The protist Trypanosoma brucei possesses a single Argonaute gene called TbAGO1 that is necessary for RNAi silencing. We previously showed that in strain 427, TbAGO1 knock-out leads to a slow growth phenotype and to chromosome segregation defects. Here we report that the slow growth phenotype is linked to defects in segregation of both large and mini-chromosome populations, with large chromosomes being the most affected. These phenotypes are completely reversed upon inducible re-expression of TbAGO1 fused to GFP, demonstrating their link with TbAGO1. Trypanosomes that do not express TbAGO1 show a general increase in the abundance of transcripts derived from the short retroposon RIME (Ribosomal Interspersed Mobile Element). Supplementary large RIME transcripts emerge in the absence of RNAi, a phenomenon coupled to the disappearance of short transcripts. These fluctuations are reversed by inducible expression of GFP::TbAGO1. Furthermore, we use a combination of Northern blots, RT-PCR and sequencing to reveal that RNAi controls expression of transcripts derived from RHS (Retrotransposon Hot Spot) pseudogenes (RHS genes with retro-element(s) integrated within their coding sequence). Absence of RNAi also leads to an increase of steady-state transcripts from regular RHS genes (those without retro-element), indicating a role for pseudogene in control of gene expression. However, analysis of retroposon abundance and arrangement in the genome of multiple clonal cell lines of TbAGO1-/- failed to reveal movement of mobile elements despite the increased amounts of retroposon transcripts.

Intraflagellar Transport and Functional Analysis of Genes Required for Flagellum Formation in Trypanosomes

Molecular Biology of the Cell. Mar, 2008  |  Pubmed ID: 18094047

Intraflagellar transport (IFT) is the bidirectional movement of protein complexes required for cilia and flagella formation. We investigated IFT by analyzing nine conventional IFT genes and five novel putative IFT genes (PIFT) in Trypanosoma brucei that maintain its existing flagellum while assembling a new flagellum. Immunostaining against IFT172 or expression of tagged IFT20 or green fluorescent protein GFP::IFT52 revealed the presence of IFT proteins along the axoneme and at the basal body and probasal body regions of both old and new flagella. IFT particles were detected by electron microscopy and exhibited a strict localization to axonemal microtubules 3-4 and 7-8, suggesting the existence of specific IFT tracks. Rapid (>3 microm/s) bidirectional intraflagellar movement of GFP::IFT52 was observed in old and new flagella. RNA interference silencing demonstrated that all individual IFT and PIFT genes are essential for new flagellum construction but the old flagellum remained present. Inhibition of IFTB proteins completely blocked axoneme construction. Absence of IFTA proteins (IFT122 and IFT140) led to formation of short flagella filled with IFT172, indicative of defects in retrograde transport. Two PIFT proteins turned out to be required for retrograde transport and three for anterograde transport. Finally, flagellum membrane elongation continues despite the absence of axonemal microtubules in all IFT/PIFT mutant.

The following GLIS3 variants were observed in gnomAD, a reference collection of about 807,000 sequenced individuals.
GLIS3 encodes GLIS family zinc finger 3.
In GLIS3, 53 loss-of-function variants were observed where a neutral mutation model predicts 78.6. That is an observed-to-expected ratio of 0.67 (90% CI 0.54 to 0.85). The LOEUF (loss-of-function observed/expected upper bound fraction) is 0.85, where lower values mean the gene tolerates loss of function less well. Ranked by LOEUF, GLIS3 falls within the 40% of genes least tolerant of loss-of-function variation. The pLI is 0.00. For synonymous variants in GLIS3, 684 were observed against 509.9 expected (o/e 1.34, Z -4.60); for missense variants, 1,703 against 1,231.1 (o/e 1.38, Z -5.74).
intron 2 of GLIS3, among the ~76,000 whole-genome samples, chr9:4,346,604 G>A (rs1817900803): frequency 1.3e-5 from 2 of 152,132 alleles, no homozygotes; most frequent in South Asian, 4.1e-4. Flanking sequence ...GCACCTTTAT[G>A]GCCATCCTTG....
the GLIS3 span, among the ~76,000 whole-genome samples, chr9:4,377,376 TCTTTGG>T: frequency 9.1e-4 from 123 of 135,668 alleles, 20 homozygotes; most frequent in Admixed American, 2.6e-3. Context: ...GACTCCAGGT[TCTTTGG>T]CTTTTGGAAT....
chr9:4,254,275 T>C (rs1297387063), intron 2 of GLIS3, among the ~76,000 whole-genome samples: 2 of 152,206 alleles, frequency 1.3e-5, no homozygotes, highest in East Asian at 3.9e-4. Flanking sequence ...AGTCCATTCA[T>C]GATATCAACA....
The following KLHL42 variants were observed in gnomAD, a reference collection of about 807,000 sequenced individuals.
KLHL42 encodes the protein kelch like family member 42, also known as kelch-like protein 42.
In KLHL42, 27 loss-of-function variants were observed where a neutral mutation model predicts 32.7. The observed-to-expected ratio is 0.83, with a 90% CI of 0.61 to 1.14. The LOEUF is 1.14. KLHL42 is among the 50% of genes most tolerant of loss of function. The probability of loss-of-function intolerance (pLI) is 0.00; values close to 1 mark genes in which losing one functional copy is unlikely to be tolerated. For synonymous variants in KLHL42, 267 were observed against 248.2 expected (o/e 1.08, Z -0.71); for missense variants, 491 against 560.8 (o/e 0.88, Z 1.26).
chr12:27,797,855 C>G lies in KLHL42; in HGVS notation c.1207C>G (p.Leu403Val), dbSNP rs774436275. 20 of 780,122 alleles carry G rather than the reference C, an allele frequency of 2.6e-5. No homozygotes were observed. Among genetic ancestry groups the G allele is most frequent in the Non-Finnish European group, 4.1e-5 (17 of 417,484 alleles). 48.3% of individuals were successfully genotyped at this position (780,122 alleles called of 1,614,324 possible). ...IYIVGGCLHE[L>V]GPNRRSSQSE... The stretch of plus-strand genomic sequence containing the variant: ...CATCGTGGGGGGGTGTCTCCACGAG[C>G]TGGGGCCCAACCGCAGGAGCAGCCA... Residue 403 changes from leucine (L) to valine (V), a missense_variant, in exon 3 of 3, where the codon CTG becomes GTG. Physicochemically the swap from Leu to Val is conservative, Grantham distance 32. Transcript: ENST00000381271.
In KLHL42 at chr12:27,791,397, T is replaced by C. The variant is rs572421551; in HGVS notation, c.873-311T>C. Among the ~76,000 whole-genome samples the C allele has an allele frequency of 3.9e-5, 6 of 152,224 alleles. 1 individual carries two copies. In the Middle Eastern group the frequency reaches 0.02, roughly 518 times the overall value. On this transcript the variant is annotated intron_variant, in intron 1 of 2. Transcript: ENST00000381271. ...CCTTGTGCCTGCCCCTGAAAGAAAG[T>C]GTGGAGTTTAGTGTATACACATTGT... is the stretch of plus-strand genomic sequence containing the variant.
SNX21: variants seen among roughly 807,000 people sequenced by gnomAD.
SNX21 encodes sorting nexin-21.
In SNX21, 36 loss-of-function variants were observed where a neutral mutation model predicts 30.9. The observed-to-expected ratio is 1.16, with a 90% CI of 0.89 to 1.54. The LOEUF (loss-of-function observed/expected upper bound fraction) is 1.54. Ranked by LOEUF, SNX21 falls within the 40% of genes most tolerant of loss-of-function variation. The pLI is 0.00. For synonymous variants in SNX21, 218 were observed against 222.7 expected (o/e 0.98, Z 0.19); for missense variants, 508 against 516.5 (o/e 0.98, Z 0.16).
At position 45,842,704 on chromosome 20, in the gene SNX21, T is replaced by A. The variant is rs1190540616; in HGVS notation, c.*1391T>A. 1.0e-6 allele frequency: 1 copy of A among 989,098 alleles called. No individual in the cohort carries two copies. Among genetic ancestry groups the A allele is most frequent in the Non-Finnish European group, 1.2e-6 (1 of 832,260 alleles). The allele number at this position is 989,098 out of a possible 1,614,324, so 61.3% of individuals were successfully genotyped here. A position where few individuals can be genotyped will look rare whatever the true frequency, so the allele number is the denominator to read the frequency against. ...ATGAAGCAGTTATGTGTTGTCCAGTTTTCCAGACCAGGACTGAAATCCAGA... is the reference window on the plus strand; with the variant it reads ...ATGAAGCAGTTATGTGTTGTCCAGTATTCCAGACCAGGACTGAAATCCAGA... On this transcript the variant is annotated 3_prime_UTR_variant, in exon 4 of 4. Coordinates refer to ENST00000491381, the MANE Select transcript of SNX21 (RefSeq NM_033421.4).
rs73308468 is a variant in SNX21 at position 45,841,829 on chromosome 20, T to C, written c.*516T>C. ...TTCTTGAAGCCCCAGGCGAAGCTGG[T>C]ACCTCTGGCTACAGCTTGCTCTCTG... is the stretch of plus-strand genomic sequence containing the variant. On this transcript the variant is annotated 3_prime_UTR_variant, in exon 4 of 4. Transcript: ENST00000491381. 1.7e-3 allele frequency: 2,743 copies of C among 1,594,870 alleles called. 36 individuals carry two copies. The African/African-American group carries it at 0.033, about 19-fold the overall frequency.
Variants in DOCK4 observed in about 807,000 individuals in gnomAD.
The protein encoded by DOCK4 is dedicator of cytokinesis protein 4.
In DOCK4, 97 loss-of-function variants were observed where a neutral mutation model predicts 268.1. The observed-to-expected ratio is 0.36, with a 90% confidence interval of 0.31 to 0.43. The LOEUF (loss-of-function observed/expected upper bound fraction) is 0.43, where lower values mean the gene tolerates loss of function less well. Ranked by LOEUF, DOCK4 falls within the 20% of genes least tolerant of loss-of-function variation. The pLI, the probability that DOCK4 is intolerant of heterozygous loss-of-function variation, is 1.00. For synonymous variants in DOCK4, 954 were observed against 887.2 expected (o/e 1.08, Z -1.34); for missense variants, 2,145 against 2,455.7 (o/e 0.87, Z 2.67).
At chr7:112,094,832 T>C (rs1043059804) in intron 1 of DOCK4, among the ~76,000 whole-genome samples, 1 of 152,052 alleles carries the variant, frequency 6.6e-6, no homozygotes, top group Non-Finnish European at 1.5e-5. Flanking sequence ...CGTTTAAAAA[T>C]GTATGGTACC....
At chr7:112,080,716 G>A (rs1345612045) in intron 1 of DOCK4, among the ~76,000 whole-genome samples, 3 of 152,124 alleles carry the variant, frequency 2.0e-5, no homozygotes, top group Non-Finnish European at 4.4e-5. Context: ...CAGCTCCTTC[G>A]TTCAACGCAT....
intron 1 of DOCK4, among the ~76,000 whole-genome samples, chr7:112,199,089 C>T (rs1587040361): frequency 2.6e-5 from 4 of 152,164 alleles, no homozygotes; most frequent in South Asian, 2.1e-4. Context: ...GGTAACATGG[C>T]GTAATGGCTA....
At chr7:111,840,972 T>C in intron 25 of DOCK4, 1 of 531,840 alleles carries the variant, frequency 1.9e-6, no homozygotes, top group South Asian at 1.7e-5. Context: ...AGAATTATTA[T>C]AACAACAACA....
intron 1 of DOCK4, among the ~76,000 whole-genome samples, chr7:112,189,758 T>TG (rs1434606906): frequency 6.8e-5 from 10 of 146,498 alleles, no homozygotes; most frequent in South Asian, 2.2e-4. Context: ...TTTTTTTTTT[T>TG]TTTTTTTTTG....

Flagellum Elongation is Required for Correct Structure, Orientation and Function of the Flagellar Pocket in Trypanosoma Brucei

Journal of Cell Science. Nov, 2008  |  Pubmed ID: 18940910

In trypanosomes, the flagellum is rooted in the flagellar pocket, a surface micro-domain that is the sole site for endocytosis and exocytosis. By analysis of anterograde or retrograde intraflagellar transport in IFT88RNAi or IFT140RNAi mutant cells, we show that elongation of the new flagellum is not required for flagellar pocket formation but is essential for its organisation, orientation and function. Transmission electron microscopy revealed that the flagellar pocket exhibited a modified shape (smaller, distorted and/or deeper) in cells with abnormally short or no flagella. Scanning electron microscopy analysis of intact and detergent-extracted cells demonstrated that the orientation of the flagellar pocket collar was more variable in trypanosomes with short flagella. The structural protein BILBO1 was present but its localisation and abundance was altered. The membrane flagellar pocket protein CRAM leaked out of the pocket and reached the short flagella. CRAM also accumulated in intracellular compartments, indicating defects in routing of resident flagellar pocket proteins. Perturbations of vesicular trafficking were obvious; vesicles were observed in the lumen of the flagellar pocket or in the short flagella, and fluid-phase endocytosis was drastically diminished in non-flagellated cells. We propose a model to explain the role of flagellum elongation in correct flagellar pocket organisation and function.